Another thing to consider when deciding whether it’s worth being frugal is whether it will cost you personal or professional relationships. It’s up to you to choose whether it’s worth losing (or not developing) some personal and professional relationships. When I was in law school, I was complaining to one of my professors about how expensive it was to go out to lunch with other attorneys at a law firm I was interested in working at. He made the astute point that if I wanted to work at the law firm, and the law firm would pay me a good salary, it’s probably worth spending $15-$20 on lunch a couple of times if it would help me bring in a six figure salary. By missing out on those lunches, I would likely not develop the relationships I needed to get hired.
Similarly, you might miss out on personal relationships by being unwilling to spend money sometimes. And hey, that might be OK. Maybe you want friends who also live extremely frugally. It’s just something to consider when you are deciding whether being frugal is worth it.
BEING FRUGAL CAN COST YOU LIFE EXPERIENCES.
Being frugal can also cost you life experiences. For example, if you aren’t willing to spend money ever, you might miss out on life experiences such as attending college, having kids, and traveling. And maybe that’s OK if you don’t want things like that. When I was in college living in Hawaii, I had a sudden opportunity to go sky diving with friends. I didn’t have any money at the time and I hadn’t budgeted for it. But to me, it was 100% worth NOT being frugal. Who knows when I’d have the opportunity to go again, especially with my friends. All this to say, it may not be worth being frugal if it’s costing you life experience. There is some delicate balance between YOLO and being frugal.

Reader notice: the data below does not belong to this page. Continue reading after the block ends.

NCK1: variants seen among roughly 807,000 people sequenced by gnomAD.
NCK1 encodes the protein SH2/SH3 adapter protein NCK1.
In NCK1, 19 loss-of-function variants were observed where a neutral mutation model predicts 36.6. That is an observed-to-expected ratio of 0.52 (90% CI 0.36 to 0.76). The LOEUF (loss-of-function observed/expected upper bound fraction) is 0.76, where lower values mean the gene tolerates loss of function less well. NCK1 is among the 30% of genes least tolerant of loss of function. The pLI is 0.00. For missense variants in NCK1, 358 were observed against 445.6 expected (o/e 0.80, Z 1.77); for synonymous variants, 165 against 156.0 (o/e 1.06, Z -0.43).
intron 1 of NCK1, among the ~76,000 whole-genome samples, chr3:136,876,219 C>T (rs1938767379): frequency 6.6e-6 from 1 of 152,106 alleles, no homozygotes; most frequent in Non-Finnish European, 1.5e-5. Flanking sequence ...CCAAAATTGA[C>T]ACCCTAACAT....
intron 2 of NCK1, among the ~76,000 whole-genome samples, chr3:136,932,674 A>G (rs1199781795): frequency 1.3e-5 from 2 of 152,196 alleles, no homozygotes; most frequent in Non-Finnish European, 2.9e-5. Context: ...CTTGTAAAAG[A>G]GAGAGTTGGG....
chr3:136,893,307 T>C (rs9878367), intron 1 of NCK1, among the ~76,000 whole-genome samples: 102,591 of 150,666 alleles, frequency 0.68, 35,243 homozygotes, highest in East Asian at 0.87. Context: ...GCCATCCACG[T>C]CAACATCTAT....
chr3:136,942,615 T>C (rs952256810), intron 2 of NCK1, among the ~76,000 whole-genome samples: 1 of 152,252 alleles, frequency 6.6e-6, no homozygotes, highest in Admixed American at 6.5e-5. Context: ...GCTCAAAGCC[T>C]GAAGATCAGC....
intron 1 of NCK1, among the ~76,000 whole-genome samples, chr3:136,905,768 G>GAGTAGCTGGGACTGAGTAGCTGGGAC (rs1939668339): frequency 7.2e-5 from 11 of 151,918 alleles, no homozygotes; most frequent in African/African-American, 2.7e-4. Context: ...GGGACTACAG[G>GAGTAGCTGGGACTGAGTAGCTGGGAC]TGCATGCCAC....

IS IT WORTH BEING FRUGAL WHEN IT COSTS YOU A LOT OF TIME.
One of the biggest ways that being frugal is not worth it is when it costs you time. Time is more valuable than anything. Not only could you be increasing your income with any extra time you are spending on being frugal but you could be doing other things of value, such as spending time with loved ones or doing things that you enjoy. I suppose one could argue that they enjoy doing frugal things above all else, in which case, more power to you.
IS IT WORTH BEING FRUGAL IF IT COULD COST YOU YOUR RETIREMENT?
Being frugal can also cost you retirement. If you are too focused on saving and not focused enough on earning more and investing your money, you could find yourself unable to retire when the time comes. Don’t be penny wise but pound foolish.
CONCLUSION: IT’S WORTH IT TO BE FRUGAL BUT NOT EXTREME & NOT IF IT COSTS YOU OTHER FINANCIAL GOALS.
Being frugal certainly has merit, especially if you have financial goals such as paying off debt fast. But being frugal has its limits– it’s not worth it if it’s costing you bigger goals, such as saving for retirement or getting job advancements or other financial opportunities. Just remember to be both penny wise AND pound wise and you’ll never go wrong.
Need some specific ideas on how to live frugally? Check out our frugal living posts here.
What do you think? Is it worth being frugal?